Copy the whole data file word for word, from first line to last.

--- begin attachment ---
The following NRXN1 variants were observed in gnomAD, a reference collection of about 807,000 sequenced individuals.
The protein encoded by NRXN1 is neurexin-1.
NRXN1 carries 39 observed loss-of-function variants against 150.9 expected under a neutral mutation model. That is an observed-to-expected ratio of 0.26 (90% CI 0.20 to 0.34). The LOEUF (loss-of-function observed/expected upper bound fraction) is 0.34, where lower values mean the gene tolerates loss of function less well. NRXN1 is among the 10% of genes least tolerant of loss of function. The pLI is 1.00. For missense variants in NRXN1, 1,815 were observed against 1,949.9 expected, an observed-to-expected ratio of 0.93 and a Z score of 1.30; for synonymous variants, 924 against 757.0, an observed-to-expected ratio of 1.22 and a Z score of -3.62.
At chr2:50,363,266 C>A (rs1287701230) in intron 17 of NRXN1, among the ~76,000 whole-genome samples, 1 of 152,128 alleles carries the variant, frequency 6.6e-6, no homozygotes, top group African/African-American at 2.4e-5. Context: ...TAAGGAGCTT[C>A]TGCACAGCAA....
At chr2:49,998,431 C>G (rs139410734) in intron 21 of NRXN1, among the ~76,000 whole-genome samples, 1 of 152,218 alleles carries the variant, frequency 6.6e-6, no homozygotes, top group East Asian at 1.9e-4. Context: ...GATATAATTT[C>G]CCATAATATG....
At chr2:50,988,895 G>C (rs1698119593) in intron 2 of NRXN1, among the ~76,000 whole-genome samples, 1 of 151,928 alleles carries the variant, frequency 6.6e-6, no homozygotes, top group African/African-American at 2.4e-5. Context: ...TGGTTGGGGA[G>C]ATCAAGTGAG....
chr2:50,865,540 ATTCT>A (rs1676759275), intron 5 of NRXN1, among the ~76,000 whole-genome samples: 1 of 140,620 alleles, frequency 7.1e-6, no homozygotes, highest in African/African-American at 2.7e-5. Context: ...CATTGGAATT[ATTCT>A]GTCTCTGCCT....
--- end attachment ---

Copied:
The following NRXN1 variants were observed in gnomAD, a reference collection of about 807,000 sequenced individuals.
The protein encoded by NRXN1 is neurexin-1.
NRXN1 carries 39 observed loss-of-function variants against 150.9 expected under a neutral mutation model. That is an observed-to-expected ratio of 0.26 (90% CI 0.20 to 0.34). The LOEUF (loss-of-function observed/expected upper bound fraction) is 0.34, where lower values mean the gene tolerates loss of function less well. NRXN1 is among the 10% of genes least tolerant of loss of function. The pLI is 1.00. For missense variants in NRXN1, 1,815 were observed against 1,949.9 expected, an observed-to-expected ratio of 0.93 and a Z score of 1.30; for synonymous variants, 924 against 757.0, an observed-to-expected ratio of 1.22 and a Z score of -3.62.
At chr2:50,363,266 C>A (rs1287701230) in intron 17 of NRXN1, among the ~76,000 whole-genome samples, 1 of 152,128 alleles carries the variant, frequency 6.6e-6, no homozygotes, top group African/African-American at 2.4e-5. Context: ...TAAGGAGCTT[C>A]TGCACAGCAA....
At chr2:49,998,431 C>G (rs139410734) in intron 21 of NRXN1, among the ~76,000 whole-genome samples, 1 of 152,218 alleles carries the variant, frequency 6.6e-6, no homozygotes, top group East Asian at 1.9e-4. Context: ...GATATAATTT[C>G]CCATAATATG....
At chr2:50,988,895 G>C (rs1698119593) in intron 2 of NRXN1, among the ~76,000 whole-genome samples, 1 of 151,928 alleles carries the variant, frequency 6.6e-6, no homozygotes, top group African/African-American at 2.4e-5. Context: ...TGGTTGGGGA[G>C]ATCAAGTGAG....
chr2:50,865,540 ATTCT>A (rs1676759275), intron 5 of NRXN1, among the ~76,000 whole-genome samples: 1 of 140,620 alleles, frequency 7.1e-6, no homozygotes, highest in African/African-American at 2.7e-5. Context: ...CATTGGAATT[ATTCT>A]GTCTCTGCCT....